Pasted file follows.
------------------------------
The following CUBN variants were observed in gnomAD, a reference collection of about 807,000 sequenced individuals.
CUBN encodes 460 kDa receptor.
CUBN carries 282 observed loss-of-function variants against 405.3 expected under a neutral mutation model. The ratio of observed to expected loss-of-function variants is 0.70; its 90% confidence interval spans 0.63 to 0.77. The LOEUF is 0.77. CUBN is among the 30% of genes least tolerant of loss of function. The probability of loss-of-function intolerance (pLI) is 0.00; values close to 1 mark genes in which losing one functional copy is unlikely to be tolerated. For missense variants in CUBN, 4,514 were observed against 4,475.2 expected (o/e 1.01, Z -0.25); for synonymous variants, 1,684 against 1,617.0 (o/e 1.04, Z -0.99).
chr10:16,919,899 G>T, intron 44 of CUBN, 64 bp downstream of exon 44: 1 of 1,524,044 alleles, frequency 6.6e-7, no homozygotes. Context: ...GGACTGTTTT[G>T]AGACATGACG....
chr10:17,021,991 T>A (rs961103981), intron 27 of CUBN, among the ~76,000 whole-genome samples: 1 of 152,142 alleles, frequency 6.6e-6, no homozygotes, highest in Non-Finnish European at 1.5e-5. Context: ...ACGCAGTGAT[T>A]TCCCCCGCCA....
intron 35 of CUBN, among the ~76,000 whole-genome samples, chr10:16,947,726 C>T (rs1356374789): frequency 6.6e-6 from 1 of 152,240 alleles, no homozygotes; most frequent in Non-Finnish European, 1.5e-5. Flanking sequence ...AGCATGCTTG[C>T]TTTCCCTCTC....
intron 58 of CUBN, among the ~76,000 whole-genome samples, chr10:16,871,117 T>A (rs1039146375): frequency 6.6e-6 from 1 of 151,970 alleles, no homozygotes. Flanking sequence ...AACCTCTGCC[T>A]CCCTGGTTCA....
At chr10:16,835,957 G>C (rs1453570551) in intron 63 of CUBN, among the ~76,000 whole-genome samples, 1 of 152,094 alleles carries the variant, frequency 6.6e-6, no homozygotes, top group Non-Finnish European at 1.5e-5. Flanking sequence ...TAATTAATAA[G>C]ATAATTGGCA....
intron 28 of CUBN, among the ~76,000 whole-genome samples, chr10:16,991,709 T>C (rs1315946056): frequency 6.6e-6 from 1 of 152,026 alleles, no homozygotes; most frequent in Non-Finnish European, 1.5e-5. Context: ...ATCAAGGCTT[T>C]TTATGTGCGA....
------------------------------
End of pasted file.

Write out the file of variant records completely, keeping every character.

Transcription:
The following CUBN variants were observed in gnomAD, a reference collection of about 807,000 sequenced individuals.
CUBN encodes 460 kDa receptor.
CUBN carries 282 observed loss-of-function variants against 405.3 expected under a neutral mutation model. The ratio of observed to expected loss-of-function variants is 0.70; its 90% confidence interval spans 0.63 to 0.77. The LOEUF is 0.77. CUBN is among the 30% of genes least tolerant of loss of function. The probability of loss-of-function intolerance (pLI) is 0.00; values close to 1 mark genes in which losing one functional copy is unlikely to be tolerated. For missense variants in CUBN, 4,514 were observed against 4,475.2 expected (o/e 1.01, Z -0.25); for synonymous variants, 1,684 against 1,617.0 (o/e 1.04, Z -0.99).
chr10:16,919,899 G>T, intron 44 of CUBN, 64 bp downstream of exon 44: 1 of 1,524,044 alleles, frequency 6.6e-7, no homozygotes. Context: ...GGACTGTTTT[G>T]AGACATGACG....
chr10:17,021,991 T>A (rs961103981), intron 27 of CUBN, among the ~76,000 whole-genome samples: 1 of 152,142 alleles, frequency 6.6e-6, no homozygotes, highest in Non-Finnish European at 1.5e-5. Context: ...ACGCAGTGAT[T>A]TCCCCCGCCA....
intron 35 of CUBN, among the ~76,000 whole-genome samples, chr10:16,947,726 C>T (rs1356374789): frequency 6.6e-6 from 1 of 152,240 alleles, no homozygotes; most frequent in Non-Finnish European, 1.5e-5. Flanking sequence ...AGCATGCTTG[C>T]TTTCCCTCTC....
intron 58 of CUBN, among the ~76,000 whole-genome samples, chr10:16,871,117 T>A (rs1039146375): frequency 6.6e-6 from 1 of 151,970 alleles, no homozygotes. Flanking sequence ...AACCTCTGCC[T>A]CCCTGGTTCA....
At chr10:16,835,957 G>C (rs1453570551) in intron 63 of CUBN, among the ~76,000 whole-genome samples, 1 of 152,094 alleles carries the variant, frequency 6.6e-6, no homozygotes, top group Non-Finnish European at 1.5e-5. Flanking sequence ...TAATTAATAA[G>C]ATAATTGGCA....
intron 28 of CUBN, among the ~76,000 whole-genome samples, chr10:16,991,709 T>C (rs1315946056): frequency 6.6e-6 from 1 of 152,026 alleles, no homozygotes; most frequent in Non-Finnish European, 1.5e-5. Context: ...ATCAAGGCTT[T>C]TTATGTGCGA....